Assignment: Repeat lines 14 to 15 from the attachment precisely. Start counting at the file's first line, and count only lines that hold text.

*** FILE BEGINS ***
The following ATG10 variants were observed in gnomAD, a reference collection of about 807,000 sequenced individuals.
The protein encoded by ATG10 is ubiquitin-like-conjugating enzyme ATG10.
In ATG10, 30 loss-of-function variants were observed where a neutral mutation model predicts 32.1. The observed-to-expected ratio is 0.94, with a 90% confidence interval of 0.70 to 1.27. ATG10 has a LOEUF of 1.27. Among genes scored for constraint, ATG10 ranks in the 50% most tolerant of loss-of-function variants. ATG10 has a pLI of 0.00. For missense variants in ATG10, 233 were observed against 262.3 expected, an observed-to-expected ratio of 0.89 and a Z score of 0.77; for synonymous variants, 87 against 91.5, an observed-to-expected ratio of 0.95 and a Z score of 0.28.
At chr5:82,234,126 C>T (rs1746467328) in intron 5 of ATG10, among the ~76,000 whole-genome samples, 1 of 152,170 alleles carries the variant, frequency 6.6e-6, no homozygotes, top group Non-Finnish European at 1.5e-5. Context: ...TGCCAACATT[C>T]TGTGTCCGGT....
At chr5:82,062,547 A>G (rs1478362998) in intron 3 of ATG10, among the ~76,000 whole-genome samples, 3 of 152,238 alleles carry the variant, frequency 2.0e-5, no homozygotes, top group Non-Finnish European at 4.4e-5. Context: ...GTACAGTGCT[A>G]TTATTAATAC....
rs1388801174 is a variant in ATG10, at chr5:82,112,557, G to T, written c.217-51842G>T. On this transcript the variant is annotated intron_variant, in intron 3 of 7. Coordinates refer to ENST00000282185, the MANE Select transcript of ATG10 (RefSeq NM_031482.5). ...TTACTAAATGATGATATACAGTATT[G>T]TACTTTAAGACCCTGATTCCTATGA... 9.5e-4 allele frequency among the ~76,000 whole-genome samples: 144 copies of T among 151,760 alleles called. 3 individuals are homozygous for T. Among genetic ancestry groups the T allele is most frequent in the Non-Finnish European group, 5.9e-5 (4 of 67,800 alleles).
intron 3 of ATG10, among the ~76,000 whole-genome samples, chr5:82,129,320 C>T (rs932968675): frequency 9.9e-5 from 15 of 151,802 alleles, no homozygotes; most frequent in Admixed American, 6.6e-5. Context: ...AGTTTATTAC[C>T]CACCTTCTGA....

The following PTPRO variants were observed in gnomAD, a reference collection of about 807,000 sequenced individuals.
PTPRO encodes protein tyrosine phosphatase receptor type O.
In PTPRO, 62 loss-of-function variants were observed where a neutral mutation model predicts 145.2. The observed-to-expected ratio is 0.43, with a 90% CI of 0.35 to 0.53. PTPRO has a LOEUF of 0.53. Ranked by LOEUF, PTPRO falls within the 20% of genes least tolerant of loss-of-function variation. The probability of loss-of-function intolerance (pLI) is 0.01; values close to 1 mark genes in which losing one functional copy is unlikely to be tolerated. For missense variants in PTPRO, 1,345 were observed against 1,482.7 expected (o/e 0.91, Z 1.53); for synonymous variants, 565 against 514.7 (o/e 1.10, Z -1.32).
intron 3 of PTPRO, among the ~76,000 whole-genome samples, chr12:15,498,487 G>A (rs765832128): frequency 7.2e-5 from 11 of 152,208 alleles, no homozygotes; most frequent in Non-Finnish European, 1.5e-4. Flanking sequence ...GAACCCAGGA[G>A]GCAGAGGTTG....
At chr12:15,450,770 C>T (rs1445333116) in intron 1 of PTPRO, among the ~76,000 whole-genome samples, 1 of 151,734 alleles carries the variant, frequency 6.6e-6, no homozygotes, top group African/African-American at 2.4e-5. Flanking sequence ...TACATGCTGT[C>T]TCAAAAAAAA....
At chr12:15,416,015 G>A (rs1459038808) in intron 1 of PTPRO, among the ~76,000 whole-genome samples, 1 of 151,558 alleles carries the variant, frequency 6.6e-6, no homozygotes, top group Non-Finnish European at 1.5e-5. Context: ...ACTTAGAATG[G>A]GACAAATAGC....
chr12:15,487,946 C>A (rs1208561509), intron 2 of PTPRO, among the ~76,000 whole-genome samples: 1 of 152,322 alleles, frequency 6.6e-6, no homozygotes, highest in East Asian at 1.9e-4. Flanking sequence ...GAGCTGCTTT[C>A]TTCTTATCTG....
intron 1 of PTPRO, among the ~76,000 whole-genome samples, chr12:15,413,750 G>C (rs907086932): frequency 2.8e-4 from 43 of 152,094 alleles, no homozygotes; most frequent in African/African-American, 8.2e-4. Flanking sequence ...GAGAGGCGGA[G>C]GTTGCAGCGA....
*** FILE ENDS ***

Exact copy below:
chr12:15,487,946 C>A (rs1208561509), intron 2 of PTPRO, among the ~76,000 whole-genome samples: 1 of 152,322 alleles, frequency 6.6e-6, no homozygotes, highest in East Asian at 1.9e-4. Flanking sequence ...GAGCTGCTTT[C>A]TTCTTATCTG....
intron 1 of PTPRO, among the ~76,000 whole-genome samples, chr12:15,413,750 G>C (rs907086932): frequency 2.8e-4 from 43 of 152,094 alleles, no homozygotes; most frequent in African/African-American, 8.2e-4. Flanking sequence ...GAGAGGCGGA[G>C]GTTGCAGCGA....